Installation Engineered Flooring

Installation Engineered Flooring
VERSION 2.161027
The installation method will be determined by the type of
flooring you are buying and also by the type of sub floor
you have.
There are 3 common categories for subflooring:
• Concrete or cement/screed
• Wooden-Plywood, Chipboards
• Floor Joist or battens
Please note that vinyl floors, glued-down carpets, and
other existing flooring types are not suitable as subflooring (especially for wood floors) and must be removed.
Before installing any type of flooring, it is important that
you get down to the solid, flat and dry subfloor.
Installation Engineered Flooring
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Wood and Beyond has summarized below the following information about
subfloors and the flooring types and installation methods you can use:
Flooring Type
Installation Method
Nailed onto Battens, Glue-Down
Floating, Glue-Down
Nail-down, Glue-Down
Floating, Glue-Down
Floating, Glue-Down
Plywood, T&G
Particle Board
Preparation Steps
Make sure the room is completely free of any obstacles such as your old carpet or wooden floors so you can concentrate on installing rather than moving furniture around. Ensure the surface is clean from any debris and other reminisces of the previous floor.
Floating Installation
Floating Installation is the easiest DIY installation method because it requires the
least amount of skill or prior experience in
installing floors for the newbie builder.
This is when you PVA glue the tongue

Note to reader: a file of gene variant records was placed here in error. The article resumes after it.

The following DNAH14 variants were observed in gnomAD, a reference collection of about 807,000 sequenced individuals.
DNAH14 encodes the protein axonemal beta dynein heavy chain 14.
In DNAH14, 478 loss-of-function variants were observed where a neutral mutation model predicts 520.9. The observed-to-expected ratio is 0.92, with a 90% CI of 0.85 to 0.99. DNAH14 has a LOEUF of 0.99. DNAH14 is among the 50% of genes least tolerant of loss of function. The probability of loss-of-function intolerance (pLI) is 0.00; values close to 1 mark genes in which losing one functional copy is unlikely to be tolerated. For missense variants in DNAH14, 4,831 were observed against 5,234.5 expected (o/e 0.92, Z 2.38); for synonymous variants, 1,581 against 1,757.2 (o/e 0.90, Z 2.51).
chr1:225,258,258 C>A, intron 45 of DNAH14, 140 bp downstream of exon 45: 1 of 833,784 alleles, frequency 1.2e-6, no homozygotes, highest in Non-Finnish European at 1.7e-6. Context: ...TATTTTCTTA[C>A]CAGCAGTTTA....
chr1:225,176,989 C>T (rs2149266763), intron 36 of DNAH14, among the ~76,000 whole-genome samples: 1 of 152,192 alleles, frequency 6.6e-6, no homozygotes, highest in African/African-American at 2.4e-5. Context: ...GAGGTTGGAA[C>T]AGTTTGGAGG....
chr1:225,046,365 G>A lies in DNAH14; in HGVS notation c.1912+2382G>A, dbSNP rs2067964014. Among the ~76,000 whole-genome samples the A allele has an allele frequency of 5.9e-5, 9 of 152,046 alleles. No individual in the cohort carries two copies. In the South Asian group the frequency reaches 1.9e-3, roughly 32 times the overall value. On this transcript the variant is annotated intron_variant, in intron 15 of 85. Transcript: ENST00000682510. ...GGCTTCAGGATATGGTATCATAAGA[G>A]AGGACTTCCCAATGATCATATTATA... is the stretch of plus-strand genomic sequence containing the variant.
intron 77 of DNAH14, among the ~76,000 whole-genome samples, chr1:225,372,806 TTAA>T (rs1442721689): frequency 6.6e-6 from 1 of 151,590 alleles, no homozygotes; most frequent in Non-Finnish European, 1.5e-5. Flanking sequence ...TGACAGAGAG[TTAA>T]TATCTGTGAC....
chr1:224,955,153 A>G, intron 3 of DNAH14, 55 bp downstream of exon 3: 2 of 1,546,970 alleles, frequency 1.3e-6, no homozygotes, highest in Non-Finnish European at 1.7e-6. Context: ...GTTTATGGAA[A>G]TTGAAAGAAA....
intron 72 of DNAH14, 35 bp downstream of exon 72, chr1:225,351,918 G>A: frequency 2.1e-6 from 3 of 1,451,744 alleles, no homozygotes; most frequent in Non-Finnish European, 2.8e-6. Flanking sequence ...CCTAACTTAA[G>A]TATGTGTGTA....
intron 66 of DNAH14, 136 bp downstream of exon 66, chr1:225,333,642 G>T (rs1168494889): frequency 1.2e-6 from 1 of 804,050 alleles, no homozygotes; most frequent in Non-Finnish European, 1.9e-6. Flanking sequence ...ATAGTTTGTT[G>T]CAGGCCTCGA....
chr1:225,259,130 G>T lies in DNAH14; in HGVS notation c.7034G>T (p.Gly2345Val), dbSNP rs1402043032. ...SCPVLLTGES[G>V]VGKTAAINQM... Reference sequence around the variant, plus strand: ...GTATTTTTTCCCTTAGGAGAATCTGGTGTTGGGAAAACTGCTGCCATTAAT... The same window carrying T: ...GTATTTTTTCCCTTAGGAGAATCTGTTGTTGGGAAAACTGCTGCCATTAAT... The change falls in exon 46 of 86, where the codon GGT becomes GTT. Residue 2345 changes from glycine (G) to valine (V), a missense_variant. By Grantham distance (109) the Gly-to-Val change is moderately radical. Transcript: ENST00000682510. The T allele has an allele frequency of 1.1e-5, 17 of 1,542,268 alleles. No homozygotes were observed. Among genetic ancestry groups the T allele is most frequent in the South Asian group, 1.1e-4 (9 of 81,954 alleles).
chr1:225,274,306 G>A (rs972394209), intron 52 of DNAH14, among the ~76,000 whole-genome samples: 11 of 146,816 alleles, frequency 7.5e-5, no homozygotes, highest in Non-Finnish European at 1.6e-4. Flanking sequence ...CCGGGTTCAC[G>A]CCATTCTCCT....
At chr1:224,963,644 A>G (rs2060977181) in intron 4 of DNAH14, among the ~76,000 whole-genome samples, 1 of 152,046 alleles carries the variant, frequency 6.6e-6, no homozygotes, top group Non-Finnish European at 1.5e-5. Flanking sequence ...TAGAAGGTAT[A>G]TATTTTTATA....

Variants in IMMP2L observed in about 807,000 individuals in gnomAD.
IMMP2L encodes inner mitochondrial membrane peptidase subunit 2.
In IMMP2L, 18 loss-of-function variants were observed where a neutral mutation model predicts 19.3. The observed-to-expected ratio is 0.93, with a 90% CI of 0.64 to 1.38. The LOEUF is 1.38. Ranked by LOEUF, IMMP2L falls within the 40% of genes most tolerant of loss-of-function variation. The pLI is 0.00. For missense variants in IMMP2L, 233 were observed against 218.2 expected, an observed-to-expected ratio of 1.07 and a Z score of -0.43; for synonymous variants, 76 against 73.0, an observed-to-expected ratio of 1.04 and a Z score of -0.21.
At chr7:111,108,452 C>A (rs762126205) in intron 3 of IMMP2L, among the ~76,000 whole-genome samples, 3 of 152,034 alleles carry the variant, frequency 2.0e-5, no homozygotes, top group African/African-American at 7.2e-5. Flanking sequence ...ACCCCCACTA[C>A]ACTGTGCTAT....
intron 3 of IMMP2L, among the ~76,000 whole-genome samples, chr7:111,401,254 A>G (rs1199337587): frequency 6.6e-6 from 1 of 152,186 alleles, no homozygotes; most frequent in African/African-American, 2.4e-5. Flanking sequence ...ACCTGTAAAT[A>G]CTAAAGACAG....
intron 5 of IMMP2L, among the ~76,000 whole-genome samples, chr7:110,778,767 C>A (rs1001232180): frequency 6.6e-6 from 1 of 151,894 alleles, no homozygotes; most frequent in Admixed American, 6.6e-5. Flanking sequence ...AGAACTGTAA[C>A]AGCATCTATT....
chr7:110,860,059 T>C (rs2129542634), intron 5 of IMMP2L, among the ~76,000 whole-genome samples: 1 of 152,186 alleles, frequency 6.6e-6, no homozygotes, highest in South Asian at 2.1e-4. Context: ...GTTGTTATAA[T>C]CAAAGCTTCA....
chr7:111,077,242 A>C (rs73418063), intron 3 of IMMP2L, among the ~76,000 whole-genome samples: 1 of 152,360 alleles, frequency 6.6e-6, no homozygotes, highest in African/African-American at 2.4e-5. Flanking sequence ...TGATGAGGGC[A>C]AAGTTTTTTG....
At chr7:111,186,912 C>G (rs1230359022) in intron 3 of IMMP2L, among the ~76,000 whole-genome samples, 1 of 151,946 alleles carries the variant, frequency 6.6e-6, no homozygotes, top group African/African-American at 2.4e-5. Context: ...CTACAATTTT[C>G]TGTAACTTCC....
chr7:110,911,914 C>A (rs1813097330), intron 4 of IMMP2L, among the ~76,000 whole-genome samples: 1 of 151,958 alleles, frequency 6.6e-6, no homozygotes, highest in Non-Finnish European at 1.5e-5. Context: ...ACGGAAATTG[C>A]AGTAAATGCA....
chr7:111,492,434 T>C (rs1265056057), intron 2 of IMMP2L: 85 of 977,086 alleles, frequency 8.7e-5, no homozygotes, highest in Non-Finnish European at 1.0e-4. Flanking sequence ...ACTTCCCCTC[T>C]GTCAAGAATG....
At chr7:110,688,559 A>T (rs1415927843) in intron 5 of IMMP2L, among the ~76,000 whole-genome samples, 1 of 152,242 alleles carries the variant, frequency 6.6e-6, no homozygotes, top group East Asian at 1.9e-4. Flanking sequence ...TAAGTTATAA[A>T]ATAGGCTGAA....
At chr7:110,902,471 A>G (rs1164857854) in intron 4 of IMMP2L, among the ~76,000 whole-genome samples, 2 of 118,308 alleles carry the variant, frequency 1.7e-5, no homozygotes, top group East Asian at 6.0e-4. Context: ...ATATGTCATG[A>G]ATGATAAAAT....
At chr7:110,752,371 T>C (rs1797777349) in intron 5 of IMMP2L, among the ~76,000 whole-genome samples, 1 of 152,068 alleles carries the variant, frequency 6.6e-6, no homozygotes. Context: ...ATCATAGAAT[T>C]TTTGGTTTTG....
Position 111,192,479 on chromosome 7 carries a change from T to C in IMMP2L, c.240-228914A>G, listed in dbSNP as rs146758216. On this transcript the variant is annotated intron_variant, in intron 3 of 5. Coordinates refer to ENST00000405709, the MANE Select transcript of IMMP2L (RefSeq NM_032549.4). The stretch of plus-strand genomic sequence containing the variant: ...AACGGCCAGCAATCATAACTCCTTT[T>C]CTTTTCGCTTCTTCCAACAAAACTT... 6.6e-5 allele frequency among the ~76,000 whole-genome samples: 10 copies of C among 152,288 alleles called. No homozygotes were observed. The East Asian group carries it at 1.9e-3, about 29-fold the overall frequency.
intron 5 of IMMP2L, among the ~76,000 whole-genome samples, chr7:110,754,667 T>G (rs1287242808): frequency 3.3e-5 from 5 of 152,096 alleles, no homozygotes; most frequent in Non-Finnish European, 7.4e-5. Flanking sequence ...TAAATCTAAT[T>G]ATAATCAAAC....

and groove together. An underlayment is
required with a floating installation to prevent contact between the floor and the
subfloor and more importantly to serve as
a moisture barrier and insulation.
Quality underlayment to deaden the
sound of walking on the floor can make
a huge difference. If you’ve saved on the
process so far by buying your hardwood
floor online, make sure to install high
quality underlayment.
Due to the movement of a solid wood
floor it is not recommended for floating
Installation Engineered Flooring
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Glue Down Installation
While this guide is likely to give you all the
information you’ll need for Glue-down
installation, always read the information
which came with the floor or contact the
seller if unsure.
Glue-down installation requires the use
of a bonding agent or adhesives applied
directly onto the subfloor and can be laid
onto both concrete and wooden subfloors.
Always read the health and safety recommendations when working with agents.
If you are laying over a concrete subfloor
you will first need to put down a two part
epoxy damp proof membrane to ensure
no damp rises up into your new floor.
Glue-down installation can be very stable
when done properly, although it does
take some time before you can actually
walk on your floors. The adhesives will
need to bond to the floor, and can be
quite messy especially when done by a
less skilled installer.
Nail-down Installation
Nail-down installation is recommended
for solid and engineered flooring with
minimum thickness of 18mm. Any floor
below 18 mm thickness should not be
nailed down, should be floated or glued
Nail-down installation is the most straightforward of all solid wood floor installation
methods, and is only advised if you have a
wood sub-floor and plenty of time to
focus on the work.
When installing over plywood the direction you choose to lay the planks does not
matter; however, if you are going to nail
down a new floor over an existing floorboards you must face the planks of the
new floor in the opposite direction of the
floorboards, essentially making a crisscross pattern.
Solid wood floors are thicker; hence, they
need to be nailed down in order to stay in
place so consider hiring a nailer for large
surfaces otherwise it might take couple of
Typically when nailing down an 18mm22mm solid floor you will want to use 2”
long nails.
Generally, people regard nail-down installation as being very exacting and